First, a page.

Synth and Software’s Top 10 Synth Soloists
Synth and Software contributor Jerry Kovarsky provides his list of synth players that are unsurpassed at playing leads and solos.
Originally published May, 2020
I challenged founding editor Geary Yelton to go deeper than just a basic Top 10. I envisioned multiple Top 10 lists of synthesists based on different criteria. I wanted not just some overall popularity or influence contest, but multiple views of players excelling at different aspects of making music with synthesizers. Geary called me on my suggestion, and so here I am with but one view based on an area I’ve explored for many years now: lead synth soloing.
Let me define the criteria I used to develop this list:
- Players must have taken many synth solos over their careers, not just a few known recorded solos.
- Their solos must be actual solos. You may be surprised how many people’s favorite synth solo is really just part of a composition, always played verbatim. I think of those as using a synth to play melodic lines that are clearly part of an arrangement, not a solo. Think of players like Tony Banks of Genesis—a synth player for sure, but not much of a soloist by my criteria, which was by his choice.
- The player should interact with the synth, using controllers and varying the sound some. There are some great players with solos played on a synth that could have easily been played on piano or organ. Nothing in the performance required it to be played a synth other than basic timbre. Pitch bends, filter sweeps, vibrato, varied use of portamento, and other types of timbral change should be a clear part of their performance capabilities.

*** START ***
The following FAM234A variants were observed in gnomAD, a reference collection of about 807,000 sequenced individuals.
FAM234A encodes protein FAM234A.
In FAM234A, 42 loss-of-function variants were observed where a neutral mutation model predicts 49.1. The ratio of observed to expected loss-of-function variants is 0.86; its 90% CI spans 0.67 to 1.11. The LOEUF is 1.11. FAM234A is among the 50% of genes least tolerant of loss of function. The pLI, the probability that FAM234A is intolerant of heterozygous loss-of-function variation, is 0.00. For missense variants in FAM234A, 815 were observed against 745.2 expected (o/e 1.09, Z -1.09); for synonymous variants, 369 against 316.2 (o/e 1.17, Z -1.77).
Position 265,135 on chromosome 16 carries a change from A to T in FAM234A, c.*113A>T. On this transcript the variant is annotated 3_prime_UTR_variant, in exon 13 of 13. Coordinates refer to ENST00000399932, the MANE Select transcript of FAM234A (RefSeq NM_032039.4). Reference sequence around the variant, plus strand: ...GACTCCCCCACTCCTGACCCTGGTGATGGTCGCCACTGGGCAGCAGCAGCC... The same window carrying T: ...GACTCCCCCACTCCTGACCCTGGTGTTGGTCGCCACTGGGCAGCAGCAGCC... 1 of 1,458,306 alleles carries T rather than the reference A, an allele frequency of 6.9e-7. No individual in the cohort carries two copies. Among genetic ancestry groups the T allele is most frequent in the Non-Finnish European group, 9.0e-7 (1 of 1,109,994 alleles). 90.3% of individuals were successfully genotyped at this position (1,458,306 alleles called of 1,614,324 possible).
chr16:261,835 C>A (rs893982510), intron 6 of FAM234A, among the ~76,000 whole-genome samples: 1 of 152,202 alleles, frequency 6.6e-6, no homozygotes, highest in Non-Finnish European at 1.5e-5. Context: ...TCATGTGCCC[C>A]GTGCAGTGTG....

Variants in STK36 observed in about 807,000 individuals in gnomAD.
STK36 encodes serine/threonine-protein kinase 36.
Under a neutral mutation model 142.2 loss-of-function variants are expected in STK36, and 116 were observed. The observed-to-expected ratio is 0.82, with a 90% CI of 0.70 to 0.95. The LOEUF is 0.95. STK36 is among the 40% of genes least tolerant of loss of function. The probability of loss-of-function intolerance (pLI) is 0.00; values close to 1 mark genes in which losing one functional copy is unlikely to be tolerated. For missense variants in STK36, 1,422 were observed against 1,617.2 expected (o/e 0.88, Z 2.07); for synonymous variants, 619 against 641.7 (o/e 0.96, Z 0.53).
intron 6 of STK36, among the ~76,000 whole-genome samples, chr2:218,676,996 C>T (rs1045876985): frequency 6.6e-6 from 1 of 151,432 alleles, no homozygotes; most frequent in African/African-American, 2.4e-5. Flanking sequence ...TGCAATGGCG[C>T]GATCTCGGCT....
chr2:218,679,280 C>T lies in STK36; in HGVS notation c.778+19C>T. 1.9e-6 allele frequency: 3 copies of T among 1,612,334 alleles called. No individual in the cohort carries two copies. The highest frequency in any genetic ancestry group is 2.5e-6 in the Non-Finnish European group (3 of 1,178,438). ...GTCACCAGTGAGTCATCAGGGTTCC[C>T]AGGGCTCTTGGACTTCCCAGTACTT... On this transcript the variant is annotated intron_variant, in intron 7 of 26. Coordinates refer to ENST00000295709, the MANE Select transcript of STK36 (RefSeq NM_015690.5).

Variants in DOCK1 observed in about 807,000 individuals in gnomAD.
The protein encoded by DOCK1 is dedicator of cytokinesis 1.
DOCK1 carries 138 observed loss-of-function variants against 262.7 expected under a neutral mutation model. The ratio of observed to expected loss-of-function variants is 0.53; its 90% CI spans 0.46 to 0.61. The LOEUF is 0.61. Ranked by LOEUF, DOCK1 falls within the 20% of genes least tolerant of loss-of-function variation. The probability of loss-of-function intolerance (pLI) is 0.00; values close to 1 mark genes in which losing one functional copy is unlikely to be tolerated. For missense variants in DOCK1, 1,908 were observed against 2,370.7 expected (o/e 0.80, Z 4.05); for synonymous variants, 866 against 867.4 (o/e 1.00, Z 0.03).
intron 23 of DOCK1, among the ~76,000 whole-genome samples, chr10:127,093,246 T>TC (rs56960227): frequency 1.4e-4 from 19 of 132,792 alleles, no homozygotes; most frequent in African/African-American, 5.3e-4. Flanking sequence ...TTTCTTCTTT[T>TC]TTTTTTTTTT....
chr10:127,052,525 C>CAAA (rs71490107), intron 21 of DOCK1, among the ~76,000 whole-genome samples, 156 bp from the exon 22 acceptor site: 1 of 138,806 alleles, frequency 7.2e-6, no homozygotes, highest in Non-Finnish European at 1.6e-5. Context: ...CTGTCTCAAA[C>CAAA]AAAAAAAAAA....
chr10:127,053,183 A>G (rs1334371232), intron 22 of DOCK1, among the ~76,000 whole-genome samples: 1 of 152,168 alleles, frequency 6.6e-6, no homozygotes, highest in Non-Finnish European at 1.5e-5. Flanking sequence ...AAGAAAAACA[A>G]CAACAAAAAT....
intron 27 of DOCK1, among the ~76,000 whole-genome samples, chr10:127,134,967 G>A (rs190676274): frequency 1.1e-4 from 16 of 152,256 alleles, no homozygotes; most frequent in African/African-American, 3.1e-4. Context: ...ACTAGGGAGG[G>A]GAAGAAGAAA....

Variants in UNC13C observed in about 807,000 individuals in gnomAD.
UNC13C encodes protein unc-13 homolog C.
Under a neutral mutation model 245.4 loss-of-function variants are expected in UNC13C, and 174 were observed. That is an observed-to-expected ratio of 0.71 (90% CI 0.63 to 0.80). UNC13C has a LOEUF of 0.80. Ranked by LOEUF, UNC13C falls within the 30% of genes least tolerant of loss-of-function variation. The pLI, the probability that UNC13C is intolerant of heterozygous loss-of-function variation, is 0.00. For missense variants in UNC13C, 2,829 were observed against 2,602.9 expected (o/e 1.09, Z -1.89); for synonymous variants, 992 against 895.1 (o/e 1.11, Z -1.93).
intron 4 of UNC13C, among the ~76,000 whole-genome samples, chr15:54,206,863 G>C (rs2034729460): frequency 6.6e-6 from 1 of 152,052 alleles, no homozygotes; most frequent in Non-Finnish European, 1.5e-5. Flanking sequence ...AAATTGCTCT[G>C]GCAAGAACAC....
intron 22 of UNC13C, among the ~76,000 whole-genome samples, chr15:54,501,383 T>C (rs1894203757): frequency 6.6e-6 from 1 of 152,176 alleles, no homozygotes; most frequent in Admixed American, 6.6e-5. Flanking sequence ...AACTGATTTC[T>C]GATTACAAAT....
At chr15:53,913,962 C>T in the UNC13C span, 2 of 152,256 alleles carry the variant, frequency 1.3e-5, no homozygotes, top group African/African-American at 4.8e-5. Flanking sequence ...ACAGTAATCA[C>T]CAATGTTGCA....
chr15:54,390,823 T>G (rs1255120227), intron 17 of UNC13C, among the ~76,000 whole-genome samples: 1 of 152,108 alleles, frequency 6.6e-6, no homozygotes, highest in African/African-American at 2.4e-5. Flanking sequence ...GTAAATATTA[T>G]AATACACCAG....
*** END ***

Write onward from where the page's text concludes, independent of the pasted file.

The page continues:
With all that in mind, let’s get started.
Jan is an obvious choice. Armed with a Minimoog, he defined the art of using pitch bend to emulate guitaristic performance and inspired almost every other player on my list. Besides his flawless pitch-bend technique and strong sync and mellower square-wave timbres, his unique note choices and always interesting rhythmic groupings stood out from his peers. He continued to explore timbre, effects, amplification, and controllers to first define the role of a lead synth player as an equal foil to a guitar player, and he stood toe to toe with many of the best.
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